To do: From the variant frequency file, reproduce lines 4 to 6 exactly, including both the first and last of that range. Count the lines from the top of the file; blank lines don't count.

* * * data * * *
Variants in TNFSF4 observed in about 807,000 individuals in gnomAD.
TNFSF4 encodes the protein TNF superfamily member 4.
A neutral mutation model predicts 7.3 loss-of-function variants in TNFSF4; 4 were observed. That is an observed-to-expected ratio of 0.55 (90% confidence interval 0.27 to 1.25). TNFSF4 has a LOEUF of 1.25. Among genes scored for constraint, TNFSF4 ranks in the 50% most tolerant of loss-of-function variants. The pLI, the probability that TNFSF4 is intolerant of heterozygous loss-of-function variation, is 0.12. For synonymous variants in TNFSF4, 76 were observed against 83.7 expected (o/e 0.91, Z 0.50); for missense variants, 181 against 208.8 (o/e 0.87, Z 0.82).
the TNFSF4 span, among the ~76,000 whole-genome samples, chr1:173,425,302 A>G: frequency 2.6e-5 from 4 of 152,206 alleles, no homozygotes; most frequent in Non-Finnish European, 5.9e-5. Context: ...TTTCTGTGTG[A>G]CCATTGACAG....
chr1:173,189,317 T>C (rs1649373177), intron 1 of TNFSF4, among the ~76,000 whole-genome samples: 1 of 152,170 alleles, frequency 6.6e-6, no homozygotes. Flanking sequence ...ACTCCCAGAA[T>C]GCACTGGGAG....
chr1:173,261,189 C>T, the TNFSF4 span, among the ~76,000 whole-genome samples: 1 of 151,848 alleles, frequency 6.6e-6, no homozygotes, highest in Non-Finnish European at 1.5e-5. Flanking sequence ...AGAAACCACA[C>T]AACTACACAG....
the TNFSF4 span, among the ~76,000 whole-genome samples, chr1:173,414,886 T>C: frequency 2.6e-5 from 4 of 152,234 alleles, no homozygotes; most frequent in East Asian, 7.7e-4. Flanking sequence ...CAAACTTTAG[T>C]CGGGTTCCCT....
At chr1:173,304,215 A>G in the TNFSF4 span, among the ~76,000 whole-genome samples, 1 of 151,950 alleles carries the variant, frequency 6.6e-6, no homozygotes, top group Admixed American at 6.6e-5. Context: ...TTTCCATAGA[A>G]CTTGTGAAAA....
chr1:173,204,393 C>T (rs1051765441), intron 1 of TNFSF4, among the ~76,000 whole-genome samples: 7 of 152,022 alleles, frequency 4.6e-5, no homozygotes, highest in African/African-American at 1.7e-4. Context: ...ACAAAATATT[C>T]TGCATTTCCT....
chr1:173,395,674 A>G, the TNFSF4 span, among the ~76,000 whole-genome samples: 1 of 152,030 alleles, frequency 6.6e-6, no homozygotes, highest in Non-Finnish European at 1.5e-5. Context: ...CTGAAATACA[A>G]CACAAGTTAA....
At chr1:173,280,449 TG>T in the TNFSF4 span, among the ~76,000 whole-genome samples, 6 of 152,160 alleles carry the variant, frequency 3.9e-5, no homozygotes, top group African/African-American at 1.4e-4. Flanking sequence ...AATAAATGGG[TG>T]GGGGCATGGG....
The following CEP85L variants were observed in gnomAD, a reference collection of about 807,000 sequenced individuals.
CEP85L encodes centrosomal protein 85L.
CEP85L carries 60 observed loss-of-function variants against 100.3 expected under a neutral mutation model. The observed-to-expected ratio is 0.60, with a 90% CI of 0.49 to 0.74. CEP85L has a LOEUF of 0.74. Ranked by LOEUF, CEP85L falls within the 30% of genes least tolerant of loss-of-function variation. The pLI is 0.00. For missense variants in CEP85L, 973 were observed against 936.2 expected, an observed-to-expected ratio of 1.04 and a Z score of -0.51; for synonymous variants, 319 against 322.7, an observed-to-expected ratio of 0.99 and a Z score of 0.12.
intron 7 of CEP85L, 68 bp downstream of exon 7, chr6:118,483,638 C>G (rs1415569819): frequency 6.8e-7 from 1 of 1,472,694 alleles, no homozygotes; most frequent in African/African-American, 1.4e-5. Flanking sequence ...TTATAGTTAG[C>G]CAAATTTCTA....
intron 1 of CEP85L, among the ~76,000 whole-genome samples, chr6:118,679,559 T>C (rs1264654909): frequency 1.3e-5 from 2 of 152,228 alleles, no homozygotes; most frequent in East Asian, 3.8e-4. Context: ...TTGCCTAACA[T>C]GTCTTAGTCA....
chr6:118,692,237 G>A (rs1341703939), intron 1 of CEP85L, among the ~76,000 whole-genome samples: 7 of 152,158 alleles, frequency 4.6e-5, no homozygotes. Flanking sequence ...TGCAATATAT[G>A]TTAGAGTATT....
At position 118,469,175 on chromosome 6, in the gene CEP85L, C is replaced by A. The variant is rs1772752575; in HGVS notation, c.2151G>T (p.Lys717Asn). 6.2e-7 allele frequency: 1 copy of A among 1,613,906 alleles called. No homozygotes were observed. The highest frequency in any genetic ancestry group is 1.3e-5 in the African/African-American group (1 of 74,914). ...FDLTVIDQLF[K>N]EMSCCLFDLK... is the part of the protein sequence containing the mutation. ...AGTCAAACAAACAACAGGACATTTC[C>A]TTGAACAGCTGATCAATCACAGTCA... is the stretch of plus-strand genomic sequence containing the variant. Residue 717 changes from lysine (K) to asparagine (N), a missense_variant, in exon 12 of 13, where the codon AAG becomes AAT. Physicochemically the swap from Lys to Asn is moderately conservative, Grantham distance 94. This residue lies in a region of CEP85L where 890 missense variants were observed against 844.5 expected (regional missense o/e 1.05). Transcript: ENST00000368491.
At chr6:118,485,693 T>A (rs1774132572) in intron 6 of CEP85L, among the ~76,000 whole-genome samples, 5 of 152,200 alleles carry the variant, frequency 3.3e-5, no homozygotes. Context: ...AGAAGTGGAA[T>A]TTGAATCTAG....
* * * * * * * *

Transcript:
the TNFSF4 span, among the ~76,000 whole-genome samples, chr1:173,425,302 A>G: frequency 2.6e-5 from 4 of 152,206 alleles, no homozygotes; most frequent in Non-Finnish European, 5.9e-5. Context: ...TTTCTGTGTG[A>G]CCATTGACAG....
chr1:173,189,317 T>C (rs1649373177), intron 1 of TNFSF4, among the ~76,000 whole-genome samples: 1 of 152,170 alleles, frequency 6.6e-6, no homozygotes. Flanking sequence ...ACTCCCAGAA[T>C]GCACTGGGAG....
chr1:173,261,189 C>T, the TNFSF4 span, among the ~76,000 whole-genome samples: 1 of 151,848 alleles, frequency 6.6e-6, no homozygotes, highest in Non-Finnish European at 1.5e-5. Flanking sequence ...AGAAACCACA[C>T]AACTACACAG....